ALESUND, Norway—I don’t get excited about SUVs very often. In fact, because this crazy job I love often sees me driving supercars, I rarely get frothy with adjectives for anything that doesn’t have a carbon-fibre monocoque or an irresponsible power-to-weight ratio.
Call it jaded maybe, but it’s normal, I think. Most gearheads feel similarly: SUVs are all kind of the same; most cars are pretty similar. It’s only those rare models on the fringes – the ones that do something different, the ones that dare try something new – that are exciting, but they’re few and far between.
No suspense, here: Range Rover’s newest addition to the lineup is one of those rare cars.
The Velar isn’t made of exotic materials (well, aluminum) nor does it have a monster engine or an air-shredding soundtrack. It’s a mid-size luxury SUV built to slot into a particular market segment because the bosses saw a chance to make an extra buck.
The reason the Velar is worth getting excited about is because of the way it feels. Let me explain.
Just when you thought Land Rover couldn’t possibly have any more SUVs, along comes this thing. The Velar is the sixth model in the company’s all-SUV lineup. It slots into the range between the $50,000 Evoque and the $77,000 Range Rover Sport.
The Velar is based on Jaguar’s F-Pace SUV platform, which is itself shared with the Jag XE and XF sedans. But Land Rover has done a good job disguising the car’s lineage. To my eyes this is the best-looking machine in Land Rover’s showrooms right now.
Options are key to making the Velar look its best though. The black roof is a must. As are some massive rims—22-inchers are the biggest available. They look slick, but if you live near potholes (e.g. in Canada) then you should probably downsize to 21s or even 20s.
But you don’t necessarily need the R-Dynamic sporty bumper pack. The base version looks cleaner and fits better with the car’s modernist aesthetic.
The Velar represents the next step in interior design. Nothing this side of the as-yet-unreleased next-gen Audi A8 feels as futuristic from the driver’s chair. Volvo is moving in a similar direction with its cars, but Range Rover is taking it a step further.
Sitting in the driver’s seat feels like you’re playing with an iPhone for the first time. It’s not like anything that’s come before. It’s calm, serene.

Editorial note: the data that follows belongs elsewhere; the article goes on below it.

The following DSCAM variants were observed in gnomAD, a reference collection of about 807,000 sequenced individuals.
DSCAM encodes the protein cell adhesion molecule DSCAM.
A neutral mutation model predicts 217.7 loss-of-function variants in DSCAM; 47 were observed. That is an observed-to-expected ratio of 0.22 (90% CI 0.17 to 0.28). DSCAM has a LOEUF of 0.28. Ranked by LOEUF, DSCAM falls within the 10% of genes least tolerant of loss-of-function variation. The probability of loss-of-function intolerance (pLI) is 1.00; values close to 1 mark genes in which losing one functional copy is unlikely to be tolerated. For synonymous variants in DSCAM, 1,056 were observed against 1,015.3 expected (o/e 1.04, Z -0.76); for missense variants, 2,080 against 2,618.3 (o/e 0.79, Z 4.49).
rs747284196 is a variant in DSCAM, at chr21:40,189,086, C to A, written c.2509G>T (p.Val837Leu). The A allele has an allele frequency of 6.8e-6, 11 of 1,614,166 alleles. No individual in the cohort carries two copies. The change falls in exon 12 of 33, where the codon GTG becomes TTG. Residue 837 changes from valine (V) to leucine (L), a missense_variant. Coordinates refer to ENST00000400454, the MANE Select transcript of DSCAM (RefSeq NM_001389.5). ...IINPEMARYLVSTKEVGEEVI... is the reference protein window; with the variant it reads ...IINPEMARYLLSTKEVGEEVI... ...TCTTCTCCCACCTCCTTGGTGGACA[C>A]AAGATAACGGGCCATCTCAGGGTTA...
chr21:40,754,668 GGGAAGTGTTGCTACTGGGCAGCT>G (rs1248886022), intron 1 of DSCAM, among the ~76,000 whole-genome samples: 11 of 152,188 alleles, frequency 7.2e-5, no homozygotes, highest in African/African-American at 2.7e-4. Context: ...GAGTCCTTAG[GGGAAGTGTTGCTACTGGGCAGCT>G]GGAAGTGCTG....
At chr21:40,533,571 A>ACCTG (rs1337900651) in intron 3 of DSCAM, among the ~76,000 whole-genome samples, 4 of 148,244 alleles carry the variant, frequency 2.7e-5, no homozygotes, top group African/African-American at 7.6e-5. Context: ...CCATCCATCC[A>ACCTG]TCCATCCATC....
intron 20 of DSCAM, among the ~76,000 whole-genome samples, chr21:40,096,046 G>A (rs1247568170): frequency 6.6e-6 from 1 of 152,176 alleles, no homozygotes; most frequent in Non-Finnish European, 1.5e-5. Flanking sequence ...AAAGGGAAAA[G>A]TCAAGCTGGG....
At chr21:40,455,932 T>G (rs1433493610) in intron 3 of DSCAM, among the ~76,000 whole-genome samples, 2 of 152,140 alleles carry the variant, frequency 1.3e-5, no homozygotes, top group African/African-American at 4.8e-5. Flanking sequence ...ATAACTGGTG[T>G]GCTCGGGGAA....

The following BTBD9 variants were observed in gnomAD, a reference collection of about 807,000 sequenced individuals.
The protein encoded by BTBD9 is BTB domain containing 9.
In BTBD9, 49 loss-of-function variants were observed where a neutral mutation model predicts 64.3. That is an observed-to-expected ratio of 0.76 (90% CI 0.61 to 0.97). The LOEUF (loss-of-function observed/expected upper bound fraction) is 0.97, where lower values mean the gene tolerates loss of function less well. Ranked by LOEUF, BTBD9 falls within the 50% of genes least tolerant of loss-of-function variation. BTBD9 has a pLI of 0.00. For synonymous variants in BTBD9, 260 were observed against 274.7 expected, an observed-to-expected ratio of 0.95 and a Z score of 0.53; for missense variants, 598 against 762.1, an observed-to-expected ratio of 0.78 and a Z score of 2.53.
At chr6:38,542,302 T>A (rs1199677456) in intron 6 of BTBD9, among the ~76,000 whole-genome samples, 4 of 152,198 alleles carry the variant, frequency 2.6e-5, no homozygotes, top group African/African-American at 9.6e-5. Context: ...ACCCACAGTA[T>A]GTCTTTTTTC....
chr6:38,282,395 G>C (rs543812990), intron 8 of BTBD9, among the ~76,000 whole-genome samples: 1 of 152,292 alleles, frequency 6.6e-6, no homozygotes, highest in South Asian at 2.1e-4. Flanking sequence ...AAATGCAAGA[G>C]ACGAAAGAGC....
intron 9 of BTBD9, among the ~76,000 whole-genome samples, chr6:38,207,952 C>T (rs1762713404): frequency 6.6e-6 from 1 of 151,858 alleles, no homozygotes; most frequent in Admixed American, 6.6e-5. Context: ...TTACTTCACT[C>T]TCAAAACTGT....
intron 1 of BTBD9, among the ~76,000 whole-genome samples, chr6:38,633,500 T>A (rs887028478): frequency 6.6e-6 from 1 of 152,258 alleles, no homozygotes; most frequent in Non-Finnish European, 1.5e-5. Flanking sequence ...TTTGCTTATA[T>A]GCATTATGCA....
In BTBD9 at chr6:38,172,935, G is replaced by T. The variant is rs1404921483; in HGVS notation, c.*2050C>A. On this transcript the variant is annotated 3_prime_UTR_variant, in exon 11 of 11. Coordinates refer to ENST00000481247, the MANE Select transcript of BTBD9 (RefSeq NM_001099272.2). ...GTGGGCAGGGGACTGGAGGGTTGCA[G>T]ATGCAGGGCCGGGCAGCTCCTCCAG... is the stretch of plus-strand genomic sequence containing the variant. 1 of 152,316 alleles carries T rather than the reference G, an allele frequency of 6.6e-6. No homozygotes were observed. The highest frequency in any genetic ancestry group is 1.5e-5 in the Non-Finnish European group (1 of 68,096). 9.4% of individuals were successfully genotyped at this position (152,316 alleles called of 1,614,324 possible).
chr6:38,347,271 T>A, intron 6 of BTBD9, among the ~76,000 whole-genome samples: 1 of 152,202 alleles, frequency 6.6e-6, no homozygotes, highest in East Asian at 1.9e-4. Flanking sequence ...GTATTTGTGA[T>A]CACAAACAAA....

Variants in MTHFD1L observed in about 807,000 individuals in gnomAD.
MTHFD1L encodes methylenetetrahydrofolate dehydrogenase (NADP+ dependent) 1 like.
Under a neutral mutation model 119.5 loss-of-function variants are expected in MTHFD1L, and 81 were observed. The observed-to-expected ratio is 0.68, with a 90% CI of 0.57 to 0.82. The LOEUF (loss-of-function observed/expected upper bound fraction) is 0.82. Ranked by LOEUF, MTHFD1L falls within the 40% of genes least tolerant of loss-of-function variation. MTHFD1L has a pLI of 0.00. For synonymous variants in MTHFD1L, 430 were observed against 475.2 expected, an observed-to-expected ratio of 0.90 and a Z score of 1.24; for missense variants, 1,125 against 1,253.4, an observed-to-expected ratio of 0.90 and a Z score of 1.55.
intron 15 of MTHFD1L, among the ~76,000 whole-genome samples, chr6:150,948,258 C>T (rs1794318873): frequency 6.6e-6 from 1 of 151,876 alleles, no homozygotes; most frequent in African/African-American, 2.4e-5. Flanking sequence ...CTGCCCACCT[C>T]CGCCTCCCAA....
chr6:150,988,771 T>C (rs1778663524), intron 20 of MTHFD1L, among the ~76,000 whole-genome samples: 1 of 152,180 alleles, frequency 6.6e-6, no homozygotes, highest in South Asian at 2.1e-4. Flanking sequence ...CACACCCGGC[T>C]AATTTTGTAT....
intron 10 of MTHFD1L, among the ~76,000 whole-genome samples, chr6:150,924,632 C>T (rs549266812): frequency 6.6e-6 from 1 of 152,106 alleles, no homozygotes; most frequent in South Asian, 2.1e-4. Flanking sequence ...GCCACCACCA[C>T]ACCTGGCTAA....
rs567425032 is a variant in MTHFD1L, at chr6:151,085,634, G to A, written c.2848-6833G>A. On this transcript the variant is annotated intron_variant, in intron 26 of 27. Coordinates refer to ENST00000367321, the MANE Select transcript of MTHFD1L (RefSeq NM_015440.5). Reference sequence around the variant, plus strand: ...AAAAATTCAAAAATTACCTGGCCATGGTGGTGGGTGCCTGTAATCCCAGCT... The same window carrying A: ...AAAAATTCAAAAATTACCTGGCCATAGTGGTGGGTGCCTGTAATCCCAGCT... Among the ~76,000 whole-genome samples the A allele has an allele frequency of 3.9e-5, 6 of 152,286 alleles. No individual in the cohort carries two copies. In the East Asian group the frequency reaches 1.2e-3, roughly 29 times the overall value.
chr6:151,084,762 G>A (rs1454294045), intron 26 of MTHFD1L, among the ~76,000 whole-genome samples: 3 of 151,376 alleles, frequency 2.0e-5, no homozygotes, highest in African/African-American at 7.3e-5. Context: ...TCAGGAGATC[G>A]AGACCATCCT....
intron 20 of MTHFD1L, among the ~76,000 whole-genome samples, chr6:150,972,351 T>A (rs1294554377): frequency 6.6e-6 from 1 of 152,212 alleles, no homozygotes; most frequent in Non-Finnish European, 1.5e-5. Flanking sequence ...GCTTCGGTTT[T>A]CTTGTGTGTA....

There’s as much screen real estate as in a Tesla, but it’s actually done better here. The controls are easier to get to. The thousands of functions are divided intuitively between the upper screen (nav, media, infotainment) and lower screen (climate, seats, vehicle settings). The screens are flush with the dash, blended right into the cabin architecture. With no buttons to fill the cabin, it feels empty, clean and clutter-free.
The colour and trim options deserve a special mention because they’re totally unique: grey cotton fabric, embossed leather-like stuff over the whole dash, and carbon-fibre woven with copper are all available. It’s all delightful. Land Rover collaborated with Danish furniture supplier Kvadrat for the grey cloth. I’d tick the box for that instead of leather.
There’s nothing too revolutionary on the technology front. It’s all in service of the design.
The dual-screen infotainment system is called Touch Pro Duo. It’s appearing on the Velar first, but will proliferate across the lineup as other models get updated. The graphic design is improved and simplified. Reponses are snappy.
The buttons on the steering wheel are context-sensitive. Depending what you’re trying to do, you’re presented with different options. It’s a bit like a PlayStation controller. There’s a learning curve, but don’t let that put you off.
Coil springs are standard, with air suspension as an option. All the off-road modes you’re used to on other Land Rovers are present here, too. An eight-speed automatic and all-wheel drive are standard.
Performance? It’s more than adequate. But that’s not really the point of the Velar. Land Rover’s not pitching it as “sporty” because frankly it has better stuff to pitch.
Our test cars in Norway were fully loaded First Edition models. The 3.0-litre supercharged V6 powers the car from zero to 100 km/h in 5.7 seconds with 380 horsepower and 332 lb-ft of torque.
The engine note is much more muted compared to the crackle and pop this same motor makes in the F-Type. The V6 is overkill—nice if you can afford it, but not a necessity. The four-cylinder diesel will get the job done. A four-cylinder gas engine option will be joining the lineup later.
The electronic air suspension makes for a smooth ride. There’s a bit of slack in the steering and suspension as the car rolls through corners, but just enough to make it feel relaxed. Put everything in sport mode and the steering tightens up. It’s useful on a curvy, mountainous road, making the car easier to place.
Body movement is well-controlled and the damping is very good—at least on Norwegian roads. We didn’t get a chance to try the spring suspenders so can’t comment there.
The Velar S starts at $62,000 for the four-cylinder diesel model. The supercharged V6 bumps the price up to $69,000. The SE models comes with more luxuries and tech-y gadgets and starts at $73,000.
Fuel economy was respectable, hovering just over 10 L/100 km during our drive in Norway.
When it comes to cars, we’re shallow, and this machine looks good without being shout-y. Inside, it’s nicer than my living room while still being functional. It doesn’t really feel like a car, more like a lounge, and that’s a good thing for those trying to get around on the regular.
Traffic is stressful; a car should put you at ease, and the Velar does exactly that through good design.
Disclosure—This writer’s travel and accommodations were provided by the automaker for the purposes of this first-drive review.